fward

Ask not what your country can do for you, but what you can do for YOURSELF

HUGE VENDOR LIST CLICK HERE

Offline Glasspacks56

  • Posts: 6
I have family and friends that have had trouble free foreign cars for many years.  But I also have some that have had as many problems as American cars.

But what is real obvious to me is this...

I remember in the 80's of seeing plethoras of Toyota Celica's, Sentra's, Supra's, Honda Civic's, Accord's, Datsun B210's, 280Z's, VW Raibbit's, Jetta's, Dasher's, Audi 4000's, 5000's, Fox's, etc.

But if I see an '80's car on the road today, it is usually a Buick, Olds, Pontiac, Cadillac, or Lincoln.  Occasionally I see a old Taurus but not any Tempo's or early 80's Ford's.  Almost never do I see a 80's Chrysler.

Why are far and away the majority of 15+ year old cars on the road GM's?

If foriegn cars are so great, why aren't their 80's versions and early 90's versions still on the road?

I can vouch with that! I've once owned a '75 Honda civic, and a 86 Toyota tercel. Both cars self destructed! THe Tercel had less than 60,000 miles, and it litterally fell apart! Rust, and bad mechanics did it! And I take good care of my cars! The Honda...well, the front strut pushed the hood open---again, rust! That was my vow to never buy Japanese again! I'll take a big American car anytime!
Al Coia (CLC#24903)
1956 Kustom Sedan Deville
1995 Oldsmobile Eighty Eight

Gene Moscicki

  • Guest
I will try to expand on a couple of points. Recent products= last 10 years. Here in Arizona there is no such worry about rust ending the life of a car. I saw a 59 Impalla on the road today, so my interpitation of recent varies from others
When the large electronics compaany I once thought I had a secure Job  closed many factories and moved to China And India, Stock was selling for $150.00 a share, now for less than $5. The only Value is the instant reduction in cost. Gee dont Executives get paid on how much money they save?? Short time Greed, Long time desaster!! Last I saw GM stock was down 98%  Where is the value there?? My only concern is for the overpaid UNION workers and the pensions of the retired. You ALL know who is to blame. I see no clear desire of any under 30 crowd of buying a U.S. nameplate. as stated preception is reality. None of my 3 have only U.S names. Even my son with the OLDS has a Nisson Truck. What do you all think the children of todays youth will buy. Place your bets.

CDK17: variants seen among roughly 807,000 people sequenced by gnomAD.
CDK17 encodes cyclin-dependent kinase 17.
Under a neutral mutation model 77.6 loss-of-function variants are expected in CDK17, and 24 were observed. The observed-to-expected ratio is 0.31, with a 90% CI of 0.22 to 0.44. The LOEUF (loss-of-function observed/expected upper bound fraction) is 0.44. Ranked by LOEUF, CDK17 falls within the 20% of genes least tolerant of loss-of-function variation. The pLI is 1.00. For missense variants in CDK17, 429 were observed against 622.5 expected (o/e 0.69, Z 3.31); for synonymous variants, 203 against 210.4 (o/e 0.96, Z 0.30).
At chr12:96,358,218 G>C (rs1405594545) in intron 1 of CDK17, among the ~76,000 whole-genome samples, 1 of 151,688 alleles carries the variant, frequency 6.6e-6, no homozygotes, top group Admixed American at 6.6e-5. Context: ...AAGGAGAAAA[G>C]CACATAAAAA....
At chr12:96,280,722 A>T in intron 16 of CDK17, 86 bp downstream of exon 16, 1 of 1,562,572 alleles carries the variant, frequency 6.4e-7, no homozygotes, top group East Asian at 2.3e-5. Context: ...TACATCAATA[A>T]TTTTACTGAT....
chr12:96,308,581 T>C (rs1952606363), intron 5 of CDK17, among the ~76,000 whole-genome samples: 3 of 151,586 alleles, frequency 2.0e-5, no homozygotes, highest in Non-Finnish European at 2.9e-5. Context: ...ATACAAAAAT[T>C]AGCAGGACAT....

Offline Chris Conklin

  • Posts: 1041
  • CLC Number: 25055
  • Name: Chris Conklin
The genie is out of the bottle.

The modern day bread line is not comprised of out of work labor. This is the new bread line. Major corporations and executives tin cup in hand. Using our money in an attempt (I think in vain) to not have the bread lines we had in the past. Even with us propping up businesses, they may be doomed to failure anyway. Or, as some have posted here, they really do deserve to fail. And some of the stipulations that may go with the award of assistance to the auto industry will likely doom them as well. I've been hearing extreme CAFE standards touted as a stipulation, 100 MPG cars in 5 years or no money! Hmmm, I don't know of any performance stipulations put on the financial industry for their bailouts.... "20.75% annualized return on all investments or no bailout!"

All of this just so we don't hear the "D-word"; Depression. It will be a very deep and protracted "R-word" though. But I have about ten years left to get my 401k back to normal. What? Me worry?
Chris Conklin

Offline Otto Skorzeny

  • Posts: 3853
  • 1956 Coupe de Ville aka Bismarck
I encourage everyone to watch this short video on the the most advanced automobile assembly plant in the world. It's in Brazil. Why? because the United Auto Workers Union will not allow it to be built in the United States.

I know this isn't the only reason the Big Three are in trouble but it's a big part of the problem.

I'll also post this in the other thread with a similar theme.

http://info.detnews.com/video/index.cfm?id=1189
fward

Ask not what your country can do for you, but what you can do for YOURSELF

HUGE VENDOR LIST CLICK HERE